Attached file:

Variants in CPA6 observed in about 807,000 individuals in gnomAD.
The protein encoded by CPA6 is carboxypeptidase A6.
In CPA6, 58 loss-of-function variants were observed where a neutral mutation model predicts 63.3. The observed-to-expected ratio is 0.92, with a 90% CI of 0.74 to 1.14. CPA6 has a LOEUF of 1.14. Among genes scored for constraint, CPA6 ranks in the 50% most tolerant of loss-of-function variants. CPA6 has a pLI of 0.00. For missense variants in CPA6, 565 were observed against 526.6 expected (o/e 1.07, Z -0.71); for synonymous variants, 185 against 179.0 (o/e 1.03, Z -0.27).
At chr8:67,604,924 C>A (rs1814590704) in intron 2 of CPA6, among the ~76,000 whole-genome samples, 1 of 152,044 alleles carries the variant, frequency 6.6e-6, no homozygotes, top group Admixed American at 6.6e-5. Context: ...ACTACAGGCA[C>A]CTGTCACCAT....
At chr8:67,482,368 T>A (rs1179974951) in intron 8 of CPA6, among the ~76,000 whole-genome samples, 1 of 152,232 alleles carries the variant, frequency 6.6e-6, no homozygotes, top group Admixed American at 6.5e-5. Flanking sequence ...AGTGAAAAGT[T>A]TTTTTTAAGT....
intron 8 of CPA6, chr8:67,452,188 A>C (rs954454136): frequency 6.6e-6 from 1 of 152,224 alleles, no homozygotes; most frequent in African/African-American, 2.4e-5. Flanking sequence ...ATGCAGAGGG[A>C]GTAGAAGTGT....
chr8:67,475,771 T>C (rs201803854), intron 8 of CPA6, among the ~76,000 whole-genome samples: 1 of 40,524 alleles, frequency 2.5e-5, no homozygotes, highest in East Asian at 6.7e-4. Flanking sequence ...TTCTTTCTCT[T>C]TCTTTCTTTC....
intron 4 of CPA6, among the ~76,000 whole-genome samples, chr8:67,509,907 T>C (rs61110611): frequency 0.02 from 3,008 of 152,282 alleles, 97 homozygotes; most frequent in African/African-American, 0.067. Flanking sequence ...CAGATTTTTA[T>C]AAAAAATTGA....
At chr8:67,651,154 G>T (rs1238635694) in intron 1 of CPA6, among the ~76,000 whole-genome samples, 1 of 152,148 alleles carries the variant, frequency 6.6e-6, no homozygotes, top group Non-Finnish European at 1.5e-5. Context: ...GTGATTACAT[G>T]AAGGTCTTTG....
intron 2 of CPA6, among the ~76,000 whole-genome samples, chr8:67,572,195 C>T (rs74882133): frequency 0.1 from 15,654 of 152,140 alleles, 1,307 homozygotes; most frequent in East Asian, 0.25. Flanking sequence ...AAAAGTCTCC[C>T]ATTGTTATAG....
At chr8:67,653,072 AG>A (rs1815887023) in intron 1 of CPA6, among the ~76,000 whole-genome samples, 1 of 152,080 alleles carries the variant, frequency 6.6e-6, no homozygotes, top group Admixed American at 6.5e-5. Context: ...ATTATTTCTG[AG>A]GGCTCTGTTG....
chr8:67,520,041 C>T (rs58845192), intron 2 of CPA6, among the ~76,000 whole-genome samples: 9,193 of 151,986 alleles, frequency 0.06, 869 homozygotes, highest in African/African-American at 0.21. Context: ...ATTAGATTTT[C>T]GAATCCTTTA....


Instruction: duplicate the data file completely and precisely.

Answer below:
Variants in CPA6 observed in about 807,000 individuals in gnomAD.
The protein encoded by CPA6 is carboxypeptidase A6.
In CPA6, 58 loss-of-function variants were observed where a neutral mutation model predicts 63.3. The observed-to-expected ratio is 0.92, with a 90% CI of 0.74 to 1.14. CPA6 has a LOEUF of 1.14. Among genes scored for constraint, CPA6 ranks in the 50% most tolerant of loss-of-function variants. CPA6 has a pLI of 0.00. For missense variants in CPA6, 565 were observed against 526.6 expected (o/e 1.07, Z -0.71); for synonymous variants, 185 against 179.0 (o/e 1.03, Z -0.27).
At chr8:67,604,924 C>A (rs1814590704) in intron 2 of CPA6, among the ~76,000 whole-genome samples, 1 of 152,044 alleles carries the variant, frequency 6.6e-6, no homozygotes, top group Admixed American at 6.6e-5. Context: ...ACTACAGGCA[C>A]CTGTCACCAT....
At chr8:67,482,368 T>A (rs1179974951) in intron 8 of CPA6, among the ~76,000 whole-genome samples, 1 of 152,232 alleles carries the variant, frequency 6.6e-6, no homozygotes, top group Admixed American at 6.5e-5. Flanking sequence ...AGTGAAAAGT[T>A]TTTTTTAAGT....
intron 8 of CPA6, chr8:67,452,188 A>C (rs954454136): frequency 6.6e-6 from 1 of 152,224 alleles, no homozygotes; most frequent in African/African-American, 2.4e-5. Flanking sequence ...ATGCAGAGGG[A>C]GTAGAAGTGT....
chr8:67,475,771 T>C (rs201803854), intron 8 of CPA6, among the ~76,000 whole-genome samples: 1 of 40,524 alleles, frequency 2.5e-5, no homozygotes, highest in East Asian at 6.7e-4. Flanking sequence ...TTCTTTCTCT[T>C]TCTTTCTTTC....
intron 4 of CPA6, among the ~76,000 whole-genome samples, chr8:67,509,907 T>C (rs61110611): frequency 0.02 from 3,008 of 152,282 alleles, 97 homozygotes; most frequent in African/African-American, 0.067. Flanking sequence ...CAGATTTTTA[T>C]AAAAAATTGA....
At chr8:67,651,154 G>T (rs1238635694) in intron 1 of CPA6, among the ~76,000 whole-genome samples, 1 of 152,148 alleles carries the variant, frequency 6.6e-6, no homozygotes, top group Non-Finnish European at 1.5e-5. Context: ...GTGATTACAT[G>T]AAGGTCTTTG....
intron 2 of CPA6, among the ~76,000 whole-genome samples, chr8:67,572,195 C>T (rs74882133): frequency 0.1 from 15,654 of 152,140 alleles, 1,307 homozygotes; most frequent in East Asian, 0.25. Flanking sequence ...AAAAGTCTCC[C>T]ATTGTTATAG....
At chr8:67,653,072 AG>A (rs1815887023) in intron 1 of CPA6, among the ~76,000 whole-genome samples, 1 of 152,080 alleles carries the variant, frequency 6.6e-6, no homozygotes, top group Admixed American at 6.5e-5. Context: ...ATTATTTCTG[AG>A]GGCTCTGTTG....
chr8:67,520,041 C>T (rs58845192), intron 2 of CPA6, among the ~76,000 whole-genome samples: 9,193 of 151,986 alleles, frequency 0.06, 869 homozygotes, highest in African/African-American at 0.21. Context: ...ATTAGATTTT[C>T]GAATCCTTTA....